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    Doctor review websites are a growing factor for patients choosing providers

    Consumers are using review websites, such as Yelp, to compare restaurants, salons—and physicians. More patients are aware of websites that rate physicians, and they make a growing impact on which doctor they pick, according to a new survey released by the Journal of the American Medical Association (JAMA).

    Nearly 20% of patients say that physicians’ ratings on websites are very important, and 40% said the websites are somewhat important, when looking for a primary care physician. Of those who used the web to search for physicians, 35% say they picked a doctor based on good ratings, while 27% reported avoiding those with bad ratings.

    There were patients who don’t see the web as a reliable source for selecting a doctor—43% of those who don’t use online physician rating websites thought the information was unreliable.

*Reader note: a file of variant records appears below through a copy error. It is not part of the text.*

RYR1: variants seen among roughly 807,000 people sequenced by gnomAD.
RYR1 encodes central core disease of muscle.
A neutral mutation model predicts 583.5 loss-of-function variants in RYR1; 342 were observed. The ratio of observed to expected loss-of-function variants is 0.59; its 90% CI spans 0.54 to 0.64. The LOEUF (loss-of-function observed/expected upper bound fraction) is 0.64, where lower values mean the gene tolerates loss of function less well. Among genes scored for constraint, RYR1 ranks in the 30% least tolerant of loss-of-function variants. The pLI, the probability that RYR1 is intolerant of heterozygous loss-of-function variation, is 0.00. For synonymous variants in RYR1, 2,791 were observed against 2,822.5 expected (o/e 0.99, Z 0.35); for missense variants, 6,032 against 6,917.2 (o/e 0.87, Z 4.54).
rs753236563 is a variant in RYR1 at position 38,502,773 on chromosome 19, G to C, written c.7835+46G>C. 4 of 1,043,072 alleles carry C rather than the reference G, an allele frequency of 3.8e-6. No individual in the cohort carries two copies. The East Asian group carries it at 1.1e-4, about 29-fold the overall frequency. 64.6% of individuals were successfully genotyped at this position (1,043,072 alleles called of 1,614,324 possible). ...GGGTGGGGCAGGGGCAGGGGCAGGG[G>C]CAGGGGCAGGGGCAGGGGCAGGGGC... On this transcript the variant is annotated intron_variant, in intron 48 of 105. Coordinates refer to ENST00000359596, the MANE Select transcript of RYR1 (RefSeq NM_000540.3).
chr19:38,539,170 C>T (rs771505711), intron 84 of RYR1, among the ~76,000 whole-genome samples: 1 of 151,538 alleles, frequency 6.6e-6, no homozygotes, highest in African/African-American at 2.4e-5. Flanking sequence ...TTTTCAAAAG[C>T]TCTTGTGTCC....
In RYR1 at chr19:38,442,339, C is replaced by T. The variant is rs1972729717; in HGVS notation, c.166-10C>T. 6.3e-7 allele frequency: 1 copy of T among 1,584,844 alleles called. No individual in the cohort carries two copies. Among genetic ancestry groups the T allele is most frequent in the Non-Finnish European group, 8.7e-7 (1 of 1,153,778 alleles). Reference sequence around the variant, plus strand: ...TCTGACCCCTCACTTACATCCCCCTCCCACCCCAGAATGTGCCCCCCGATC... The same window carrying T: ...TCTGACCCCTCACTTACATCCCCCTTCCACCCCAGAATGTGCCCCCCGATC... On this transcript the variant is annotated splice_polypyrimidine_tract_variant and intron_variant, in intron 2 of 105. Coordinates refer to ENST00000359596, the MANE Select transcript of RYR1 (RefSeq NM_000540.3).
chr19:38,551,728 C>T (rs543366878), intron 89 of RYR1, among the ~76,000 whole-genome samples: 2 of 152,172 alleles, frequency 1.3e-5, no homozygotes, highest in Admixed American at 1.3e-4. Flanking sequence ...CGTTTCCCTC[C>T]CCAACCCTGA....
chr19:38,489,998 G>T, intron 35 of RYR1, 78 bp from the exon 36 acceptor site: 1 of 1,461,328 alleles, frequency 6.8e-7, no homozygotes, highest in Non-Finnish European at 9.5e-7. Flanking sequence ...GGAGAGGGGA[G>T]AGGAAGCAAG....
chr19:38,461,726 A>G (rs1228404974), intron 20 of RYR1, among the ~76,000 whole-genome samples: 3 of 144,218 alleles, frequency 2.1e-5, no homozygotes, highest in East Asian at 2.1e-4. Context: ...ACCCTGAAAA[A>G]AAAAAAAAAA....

If you Google a physician’s name, a handful of popular websites might pop up, including HealthGrades.com, RateMDs.com, or Vitals.com. They offer physician ratings in the form of stars or percentages, based off of patient satisfaction reviews or algorithms that weigh certain patient experiences over others. Some charge a fee for patients to access the full reviews.

    The 'Yelpification’ of healthcare has been discouraging to some physicians because patients may confuse them with other doctors with similar names or listings may give out-of-date contact information. Also, physicians who receive poor ratings don’t have a chance to refute any of the claims. According to a ZocDoc survey released in October 2013, 85% of physicians read their online reviews.

    The JAMA survey found that patients still overwhelmingly pick their primary care physicians based off of whether they accept their health insurance, as 89% of patients say that is very important. Convenient location (59%), physician’s years of experience (46%), practice reputation (44%), word of mouth (38%), and physician referral (34%) all ranked higher in patient importance than website ratings.


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    • ClaudioTeri